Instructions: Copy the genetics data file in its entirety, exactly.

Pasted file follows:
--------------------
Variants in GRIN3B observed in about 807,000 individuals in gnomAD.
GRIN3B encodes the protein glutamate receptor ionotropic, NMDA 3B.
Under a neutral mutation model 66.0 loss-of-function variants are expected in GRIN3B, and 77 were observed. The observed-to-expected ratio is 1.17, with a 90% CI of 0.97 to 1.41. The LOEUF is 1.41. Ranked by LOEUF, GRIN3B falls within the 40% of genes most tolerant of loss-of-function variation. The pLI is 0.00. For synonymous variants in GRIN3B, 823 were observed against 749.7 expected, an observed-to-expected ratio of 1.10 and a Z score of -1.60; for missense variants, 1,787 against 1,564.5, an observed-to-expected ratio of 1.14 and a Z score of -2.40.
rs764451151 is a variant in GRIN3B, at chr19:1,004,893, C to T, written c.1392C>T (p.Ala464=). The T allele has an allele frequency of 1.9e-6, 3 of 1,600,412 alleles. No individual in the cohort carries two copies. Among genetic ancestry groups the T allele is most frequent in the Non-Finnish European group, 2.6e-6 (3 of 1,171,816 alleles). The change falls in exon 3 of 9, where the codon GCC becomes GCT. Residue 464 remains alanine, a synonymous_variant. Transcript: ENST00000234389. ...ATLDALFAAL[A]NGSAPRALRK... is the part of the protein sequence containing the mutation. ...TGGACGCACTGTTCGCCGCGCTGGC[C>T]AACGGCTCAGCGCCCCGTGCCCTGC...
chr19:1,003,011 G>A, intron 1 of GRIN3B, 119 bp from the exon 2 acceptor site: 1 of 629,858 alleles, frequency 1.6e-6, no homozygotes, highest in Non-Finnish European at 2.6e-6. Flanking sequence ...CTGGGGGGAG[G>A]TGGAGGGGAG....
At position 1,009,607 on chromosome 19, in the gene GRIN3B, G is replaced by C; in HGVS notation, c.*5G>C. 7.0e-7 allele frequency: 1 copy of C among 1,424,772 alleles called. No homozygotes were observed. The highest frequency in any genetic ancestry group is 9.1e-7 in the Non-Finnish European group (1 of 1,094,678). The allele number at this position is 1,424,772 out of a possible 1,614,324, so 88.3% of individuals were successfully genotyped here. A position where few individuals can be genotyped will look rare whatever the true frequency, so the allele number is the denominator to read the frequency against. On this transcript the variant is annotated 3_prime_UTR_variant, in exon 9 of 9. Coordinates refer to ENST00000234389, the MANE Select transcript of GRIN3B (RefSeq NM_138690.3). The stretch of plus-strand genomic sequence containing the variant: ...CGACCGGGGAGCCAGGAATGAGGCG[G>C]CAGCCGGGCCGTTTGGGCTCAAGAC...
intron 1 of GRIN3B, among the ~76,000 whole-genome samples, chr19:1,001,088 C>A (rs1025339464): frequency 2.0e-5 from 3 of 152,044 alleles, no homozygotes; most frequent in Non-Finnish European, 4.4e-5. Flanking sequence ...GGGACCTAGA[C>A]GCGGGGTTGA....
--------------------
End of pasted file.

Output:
Variants in GRIN3B observed in about 807,000 individuals in gnomAD.
GRIN3B encodes the protein glutamate receptor ionotropic, NMDA 3B.
Under a neutral mutation model 66.0 loss-of-function variants are expected in GRIN3B, and 77 were observed. The observed-to-expected ratio is 1.17, with a 90% CI of 0.97 to 1.41. The LOEUF is 1.41. Ranked by LOEUF, GRIN3B falls within the 40% of genes most tolerant of loss-of-function variation. The pLI is 0.00. For synonymous variants in GRIN3B, 823 were observed against 749.7 expected, an observed-to-expected ratio of 1.10 and a Z score of -1.60; for missense variants, 1,787 against 1,564.5, an observed-to-expected ratio of 1.14 and a Z score of -2.40.
rs764451151 is a variant in GRIN3B, at chr19:1,004,893, C to T, written c.1392C>T (p.Ala464=). The T allele has an allele frequency of 1.9e-6, 3 of 1,600,412 alleles. No individual in the cohort carries two copies. Among genetic ancestry groups the T allele is most frequent in the Non-Finnish European group, 2.6e-6 (3 of 1,171,816 alleles). The change falls in exon 3 of 9, where the codon GCC becomes GCT. Residue 464 remains alanine, a synonymous_variant. Transcript: ENST00000234389. ...ATLDALFAAL[A]NGSAPRALRK... is the part of the protein sequence containing the mutation. ...TGGACGCACTGTTCGCCGCGCTGGC[C>T]AACGGCTCAGCGCCCCGTGCCCTGC...
chr19:1,003,011 G>A, intron 1 of GRIN3B, 119 bp from the exon 2 acceptor site: 1 of 629,858 alleles, frequency 1.6e-6, no homozygotes, highest in Non-Finnish European at 2.6e-6. Flanking sequence ...CTGGGGGGAG[G>A]TGGAGGGGAG....
At position 1,009,607 on chromosome 19, in the gene GRIN3B, G is replaced by C; in HGVS notation, c.*5G>C. 7.0e-7 allele frequency: 1 copy of C among 1,424,772 alleles called. No homozygotes were observed. The highest frequency in any genetic ancestry group is 9.1e-7 in the Non-Finnish European group (1 of 1,094,678). The allele number at this position is 1,424,772 out of a possible 1,614,324, so 88.3% of individuals were successfully genotyped here. A position where few individuals can be genotyped will look rare whatever the true frequency, so the allele number is the denominator to read the frequency against. On this transcript the variant is annotated 3_prime_UTR_variant, in exon 9 of 9. Coordinates refer to ENST00000234389, the MANE Select transcript of GRIN3B (RefSeq NM_138690.3). The stretch of plus-strand genomic sequence containing the variant: ...CGACCGGGGAGCCAGGAATGAGGCG[G>C]CAGCCGGGCCGTTTGGGCTCAAGAC...
intron 1 of GRIN3B, among the ~76,000 whole-genome samples, chr19:1,001,088 C>A (rs1025339464): frequency 2.0e-5 from 3 of 152,044 alleles, no homozygotes; most frequent in Non-Finnish European, 4.4e-5. Flanking sequence ...GGGACCTAGA[C>A]GCGGGGTTGA....